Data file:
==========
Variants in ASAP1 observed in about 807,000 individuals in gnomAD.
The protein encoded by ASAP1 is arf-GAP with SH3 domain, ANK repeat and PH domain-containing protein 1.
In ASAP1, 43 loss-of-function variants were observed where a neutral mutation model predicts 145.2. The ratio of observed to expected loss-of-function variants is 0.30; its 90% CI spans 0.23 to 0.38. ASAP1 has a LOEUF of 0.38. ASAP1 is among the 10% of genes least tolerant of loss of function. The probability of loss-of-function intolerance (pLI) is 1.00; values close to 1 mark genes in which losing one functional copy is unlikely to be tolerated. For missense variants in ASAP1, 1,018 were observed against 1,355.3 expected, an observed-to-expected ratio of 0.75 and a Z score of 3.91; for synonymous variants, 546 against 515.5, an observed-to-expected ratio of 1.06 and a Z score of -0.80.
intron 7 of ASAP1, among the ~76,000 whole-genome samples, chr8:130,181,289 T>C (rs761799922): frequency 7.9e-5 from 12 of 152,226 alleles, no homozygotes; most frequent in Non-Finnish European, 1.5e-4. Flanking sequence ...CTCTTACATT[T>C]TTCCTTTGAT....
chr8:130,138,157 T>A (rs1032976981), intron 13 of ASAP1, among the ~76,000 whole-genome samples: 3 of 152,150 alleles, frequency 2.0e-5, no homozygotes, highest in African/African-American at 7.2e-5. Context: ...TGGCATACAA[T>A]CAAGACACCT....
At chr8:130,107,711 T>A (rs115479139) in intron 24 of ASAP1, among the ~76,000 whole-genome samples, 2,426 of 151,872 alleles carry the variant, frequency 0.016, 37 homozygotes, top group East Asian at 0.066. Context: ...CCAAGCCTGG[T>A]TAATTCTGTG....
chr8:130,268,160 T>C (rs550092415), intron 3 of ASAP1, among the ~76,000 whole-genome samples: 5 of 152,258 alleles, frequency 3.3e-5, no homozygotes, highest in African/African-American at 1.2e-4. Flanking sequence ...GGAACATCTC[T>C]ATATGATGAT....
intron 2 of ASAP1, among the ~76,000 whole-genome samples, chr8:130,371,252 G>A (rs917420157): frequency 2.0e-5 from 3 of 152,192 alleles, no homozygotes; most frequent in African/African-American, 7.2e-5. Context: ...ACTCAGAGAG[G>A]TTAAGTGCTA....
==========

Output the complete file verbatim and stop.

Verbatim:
Variants in ASAP1 observed in about 807,000 individuals in gnomAD.
The protein encoded by ASAP1 is arf-GAP with SH3 domain, ANK repeat and PH domain-containing protein 1.
In ASAP1, 43 loss-of-function variants were observed where a neutral mutation model predicts 145.2. The ratio of observed to expected loss-of-function variants is 0.30; its 90% CI spans 0.23 to 0.38. ASAP1 has a LOEUF of 0.38. ASAP1 is among the 10% of genes least tolerant of loss of function. The probability of loss-of-function intolerance (pLI) is 1.00; values close to 1 mark genes in which losing one functional copy is unlikely to be tolerated. For missense variants in ASAP1, 1,018 were observed against 1,355.3 expected, an observed-to-expected ratio of 0.75 and a Z score of 3.91; for synonymous variants, 546 against 515.5, an observed-to-expected ratio of 1.06 and a Z score of -0.80.
intron 7 of ASAP1, among the ~76,000 whole-genome samples, chr8:130,181,289 T>C (rs761799922): frequency 7.9e-5 from 12 of 152,226 alleles, no homozygotes; most frequent in Non-Finnish European, 1.5e-4. Flanking sequence ...CTCTTACATT[T>C]TTCCTTTGAT....
chr8:130,138,157 T>A (rs1032976981), intron 13 of ASAP1, among the ~76,000 whole-genome samples: 3 of 152,150 alleles, frequency 2.0e-5, no homozygotes, highest in African/African-American at 7.2e-5. Context: ...TGGCATACAA[T>A]CAAGACACCT....
At chr8:130,107,711 T>A (rs115479139) in intron 24 of ASAP1, among the ~76,000 whole-genome samples, 2,426 of 151,872 alleles carry the variant, frequency 0.016, 37 homozygotes, top group East Asian at 0.066. Context: ...CCAAGCCTGG[T>A]TAATTCTGTG....
chr8:130,268,160 T>C (rs550092415), intron 3 of ASAP1, among the ~76,000 whole-genome samples: 5 of 152,258 alleles, frequency 3.3e-5, no homozygotes, highest in African/African-American at 1.2e-4. Flanking sequence ...GGAACATCTC[T>C]ATATGATGAT....
intron 2 of ASAP1, among the ~76,000 whole-genome samples, chr8:130,371,252 G>A (rs917420157): frequency 2.0e-5 from 3 of 152,192 alleles, no homozygotes; most frequent in African/African-American, 7.2e-5. Context: ...ACTCAGAGAG[G>A]TTAAGTGCTA....